A Catholic nun in Myanmar is speaking out after photos spread around the world of her kneeling in front of security officers in a desperate bid to shield anti-coup protesters from violence.
Sister Ann Rosa Nu Tawng told the Union of Catholic Asian News (UCA News) last Tuesday that she was working in a church-run clinic in the northern city of Myitkyina on Feb. 28 when she spotted military personnel chasing, beating, and arresting protesters on the street.
“I thought today is the day I will die. I decided to die,” she told the British news group Sky News.
Nu Tawng, a member of the Sisters of St. Francis Xavier congregation in Myitkyina, said she ran outside to confront the police. The 45-year-old told the UCA News that she had prepared herself to “give my life for the Church, for the people and for the nation.”
Photos and video from the scene shared on social media show the Catholic sister standing alone in front of a row of police holding tactical shields, some of whom appear to be armed. She kneels, then rises, both arms raised and tears streaming down her face.
She told UCA News she was begging the officers not to shoot at the unarmed civilians behind her, who were protesting the country’s military takeover earlier this year following an election.
“Just shoot me if you want to,” she recalled saying to the officers.
“I was crying like a mad person. I was like a mother hen protecting the chicks,” she told Sky News. “My intention was to help people escape and be free to protest and to stop the security forces.”
“I asked them not to continue arresting the people. I was begging them. At that time I was not afraid,” she added.
She told Sky News that one of the officers came over to her and tried to calm her down, pledging not to shoot the protesters. But Nu Tawng said she didn’t believe him.
“I feel like they [the military] are not the guardians of the people,” she told Sky News. “They are supposed to protect us but our people have to defend themselves. It’s not safe.”
At least 18 protesters were fatally shot in Myanmar on the day that Nu Tawng made her stand, according to the U.N. Human Rights Office.
The American Catholic magazine Crux has likened Nu Tawng’s actions to Myanmar’s “Tiananmen moment,” referring to the 1989 pro-democracy protests in Beijing, China.
To date, more than 50 protesters have died during the Myanmar military’s crackdown on dissent after its Feb. 1 military coup, which overthrew the elected government of the politician Aung San Suu Kyi, The Associated Press reports.
Thousands have taken to the streets to join daily anti-coup protests in cities across Myanmar, formerly known as Burma. The military has imposed a nighttime curfew and, along with lethal force, used tear gas and mass arrests to disperse the crowds. Security forces have also detained journalists and suspended the licenses of media outlets covering the protests.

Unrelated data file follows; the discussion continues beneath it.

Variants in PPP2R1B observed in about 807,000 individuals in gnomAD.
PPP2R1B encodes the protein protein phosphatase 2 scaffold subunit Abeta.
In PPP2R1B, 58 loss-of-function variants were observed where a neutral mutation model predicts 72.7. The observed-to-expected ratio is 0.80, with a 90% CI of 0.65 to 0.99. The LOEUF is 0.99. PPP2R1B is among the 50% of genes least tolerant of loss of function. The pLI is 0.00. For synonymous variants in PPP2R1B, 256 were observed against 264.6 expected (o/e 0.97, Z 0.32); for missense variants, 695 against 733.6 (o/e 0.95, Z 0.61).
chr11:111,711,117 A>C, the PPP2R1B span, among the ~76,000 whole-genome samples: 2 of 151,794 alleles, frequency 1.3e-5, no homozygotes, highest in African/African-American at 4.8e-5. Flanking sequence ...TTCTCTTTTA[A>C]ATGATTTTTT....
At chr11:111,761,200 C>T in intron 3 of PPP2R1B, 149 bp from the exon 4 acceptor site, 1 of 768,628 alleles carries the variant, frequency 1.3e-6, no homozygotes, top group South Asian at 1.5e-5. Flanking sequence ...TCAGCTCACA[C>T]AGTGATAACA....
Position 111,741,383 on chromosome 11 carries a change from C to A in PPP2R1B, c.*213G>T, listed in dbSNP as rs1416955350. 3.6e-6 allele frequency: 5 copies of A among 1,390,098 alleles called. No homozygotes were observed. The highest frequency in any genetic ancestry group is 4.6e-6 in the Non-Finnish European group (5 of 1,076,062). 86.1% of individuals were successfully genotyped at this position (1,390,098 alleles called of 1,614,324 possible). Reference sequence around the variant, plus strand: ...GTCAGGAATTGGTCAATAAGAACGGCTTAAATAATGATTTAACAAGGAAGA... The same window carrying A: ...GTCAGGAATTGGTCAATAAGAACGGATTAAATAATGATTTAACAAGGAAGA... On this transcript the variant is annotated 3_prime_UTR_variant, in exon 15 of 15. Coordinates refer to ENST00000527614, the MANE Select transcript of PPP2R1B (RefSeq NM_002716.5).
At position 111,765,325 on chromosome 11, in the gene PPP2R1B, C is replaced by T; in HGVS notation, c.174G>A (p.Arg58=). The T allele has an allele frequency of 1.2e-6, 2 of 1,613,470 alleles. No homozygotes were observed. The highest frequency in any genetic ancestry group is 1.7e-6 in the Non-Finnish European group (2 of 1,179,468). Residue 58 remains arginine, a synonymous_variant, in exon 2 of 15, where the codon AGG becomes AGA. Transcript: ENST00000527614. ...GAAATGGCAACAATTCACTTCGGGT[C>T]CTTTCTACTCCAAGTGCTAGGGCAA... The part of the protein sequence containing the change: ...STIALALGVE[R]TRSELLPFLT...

Nu Tawng’s religious congregation is based in Myanmar’s Kachin state, which has a sizable minority Christian population. Overall, Christians make up about 6% of the majority-Buddhist country, according to the Catholic News Agency.
Nu Tawng told UCA News that she has participated in marches with other Catholic priests, nuns, and lay people to pray for peace and show support for democracy after the military takeover.
Cardinal Charles Maung Bo, the Catholic archbishop of Yangon and president of Myanmar’s bishops’ conference, has been making strong, public appeals for peace ― while criticizing the military’s actions. He’s called for the release of detained elected leaders and protestors.
Bo tweeted images of Nu Tawng’s protest on Twitter on Feb. 28 and claimed the sister’s actions allowed 100 people to escape from the police, according to Crux. He wrote in a separate tweet that young protesters are “fighting against the most brutal military dictatorship,” Crux reported. Bo’s Twitter account has been suspended.
“Peace is possible. Peace is the only way. Democracy is the only light to that path,” Bo wrote in a Feb. 3 letter.
Pope Francis, as well as U.S. Catholic bishops, have condemned the military coup. Last week, Francis urged the international community “to ensure that the aspirations of the people of Myanmar are not stifled by violence.”
“May the young people of that beloved land be granted the hope of a future where hatred and injustice make way for encounter and reconciliation,” the pope said.
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